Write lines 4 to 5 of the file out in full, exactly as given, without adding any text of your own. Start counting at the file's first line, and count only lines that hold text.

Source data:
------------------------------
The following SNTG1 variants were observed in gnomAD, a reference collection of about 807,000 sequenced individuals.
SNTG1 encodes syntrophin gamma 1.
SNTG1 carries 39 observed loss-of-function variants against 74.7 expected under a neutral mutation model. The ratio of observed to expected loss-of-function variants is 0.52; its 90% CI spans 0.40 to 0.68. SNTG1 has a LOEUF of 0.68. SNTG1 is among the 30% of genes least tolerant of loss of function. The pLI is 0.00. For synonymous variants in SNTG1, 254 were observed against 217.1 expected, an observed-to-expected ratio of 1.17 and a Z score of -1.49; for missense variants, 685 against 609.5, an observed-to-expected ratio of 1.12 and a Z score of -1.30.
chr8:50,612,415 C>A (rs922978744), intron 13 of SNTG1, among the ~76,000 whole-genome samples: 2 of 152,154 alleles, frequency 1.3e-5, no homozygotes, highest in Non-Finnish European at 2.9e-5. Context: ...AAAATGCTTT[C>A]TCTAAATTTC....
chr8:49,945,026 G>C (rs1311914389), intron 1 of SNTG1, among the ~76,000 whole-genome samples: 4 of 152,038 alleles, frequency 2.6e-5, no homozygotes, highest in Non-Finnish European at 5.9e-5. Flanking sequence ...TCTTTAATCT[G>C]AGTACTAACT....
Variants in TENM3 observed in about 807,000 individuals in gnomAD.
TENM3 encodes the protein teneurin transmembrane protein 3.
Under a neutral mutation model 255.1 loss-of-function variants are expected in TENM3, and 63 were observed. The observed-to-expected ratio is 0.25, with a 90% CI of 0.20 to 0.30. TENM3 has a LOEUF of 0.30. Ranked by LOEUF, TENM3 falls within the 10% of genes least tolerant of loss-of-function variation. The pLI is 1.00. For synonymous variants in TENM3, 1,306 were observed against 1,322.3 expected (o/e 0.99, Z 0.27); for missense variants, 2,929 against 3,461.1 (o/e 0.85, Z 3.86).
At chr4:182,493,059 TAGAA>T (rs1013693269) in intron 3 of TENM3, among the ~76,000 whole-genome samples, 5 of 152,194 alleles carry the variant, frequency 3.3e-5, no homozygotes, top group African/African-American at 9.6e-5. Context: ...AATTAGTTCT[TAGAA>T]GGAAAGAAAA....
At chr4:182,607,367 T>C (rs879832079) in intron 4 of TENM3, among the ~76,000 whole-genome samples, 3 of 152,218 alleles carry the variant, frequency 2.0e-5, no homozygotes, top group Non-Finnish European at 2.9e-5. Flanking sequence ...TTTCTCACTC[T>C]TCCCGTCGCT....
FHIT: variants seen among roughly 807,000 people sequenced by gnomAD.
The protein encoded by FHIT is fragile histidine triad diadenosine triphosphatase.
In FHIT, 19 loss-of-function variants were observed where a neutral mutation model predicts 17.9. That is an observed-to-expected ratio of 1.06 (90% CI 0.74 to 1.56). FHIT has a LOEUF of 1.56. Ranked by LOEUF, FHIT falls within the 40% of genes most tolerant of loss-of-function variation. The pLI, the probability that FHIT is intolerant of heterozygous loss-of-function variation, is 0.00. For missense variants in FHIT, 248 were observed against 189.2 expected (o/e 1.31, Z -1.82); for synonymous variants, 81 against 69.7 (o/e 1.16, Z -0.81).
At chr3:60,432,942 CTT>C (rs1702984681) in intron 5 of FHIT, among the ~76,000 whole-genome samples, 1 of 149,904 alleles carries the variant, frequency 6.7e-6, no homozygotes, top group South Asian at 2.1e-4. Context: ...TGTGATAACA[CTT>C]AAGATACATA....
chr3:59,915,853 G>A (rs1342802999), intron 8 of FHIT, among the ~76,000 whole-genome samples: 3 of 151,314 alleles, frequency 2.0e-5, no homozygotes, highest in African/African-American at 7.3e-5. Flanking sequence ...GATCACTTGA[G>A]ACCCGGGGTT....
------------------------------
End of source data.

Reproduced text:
chr8:50,612,415 C>A (rs922978744), intron 13 of SNTG1, among the ~76,000 whole-genome samples: 2 of 152,154 alleles, frequency 1.3e-5, no homozygotes, highest in Non-Finnish European at 2.9e-5. Context: ...AAAATGCTTT[C>A]TCTAAATTTC....
chr8:49,945,026 G>C (rs1311914389), intron 1 of SNTG1, among the ~76,000 whole-genome samples: 4 of 152,038 alleles, frequency 2.6e-5, no homozygotes, highest in Non-Finnish European at 5.9e-5. Flanking sequence ...TCTTTAATCT[G>C]AGTACTAACT....